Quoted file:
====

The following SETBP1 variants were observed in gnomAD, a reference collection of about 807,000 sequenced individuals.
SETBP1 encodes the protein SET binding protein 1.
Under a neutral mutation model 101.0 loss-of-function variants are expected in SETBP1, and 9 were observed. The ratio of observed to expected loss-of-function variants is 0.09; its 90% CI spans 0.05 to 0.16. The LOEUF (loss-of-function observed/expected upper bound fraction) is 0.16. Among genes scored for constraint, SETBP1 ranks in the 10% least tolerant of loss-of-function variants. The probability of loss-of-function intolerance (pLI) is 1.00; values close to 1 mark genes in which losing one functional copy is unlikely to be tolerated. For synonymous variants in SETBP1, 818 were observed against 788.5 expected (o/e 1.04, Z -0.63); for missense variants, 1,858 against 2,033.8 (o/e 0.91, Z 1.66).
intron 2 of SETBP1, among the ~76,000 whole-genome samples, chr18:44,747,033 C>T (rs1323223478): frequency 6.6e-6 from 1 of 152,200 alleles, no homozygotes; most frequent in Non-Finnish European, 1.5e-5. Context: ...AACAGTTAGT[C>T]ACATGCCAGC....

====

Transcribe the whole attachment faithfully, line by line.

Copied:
The following SETBP1 variants were observed in gnomAD, a reference collection of about 807,000 sequenced individuals.
SETBP1 encodes the protein SET binding protein 1.
Under a neutral mutation model 101.0 loss-of-function variants are expected in SETBP1, and 9 were observed. The ratio of observed to expected loss-of-function variants is 0.09; its 90% CI spans 0.05 to 0.16. The LOEUF (loss-of-function observed/expected upper bound fraction) is 0.16. Among genes scored for constraint, SETBP1 ranks in the 10% least tolerant of loss-of-function variants. The probability of loss-of-function intolerance (pLI) is 1.00; values close to 1 mark genes in which losing one functional copy is unlikely to be tolerated. For synonymous variants in SETBP1, 818 were observed against 788.5 expected (o/e 1.04, Z -0.63); for missense variants, 1,858 against 2,033.8 (o/e 0.91, Z 1.66).
intron 2 of SETBP1, among the ~76,000 whole-genome samples, chr18:44,747,033 C>T (rs1323223478): frequency 6.6e-6 from 1 of 152,200 alleles, no homozygotes; most frequent in Non-Finnish European, 1.5e-5. Context: ...AACAGTTAGT[C>T]ACATGCCAGC....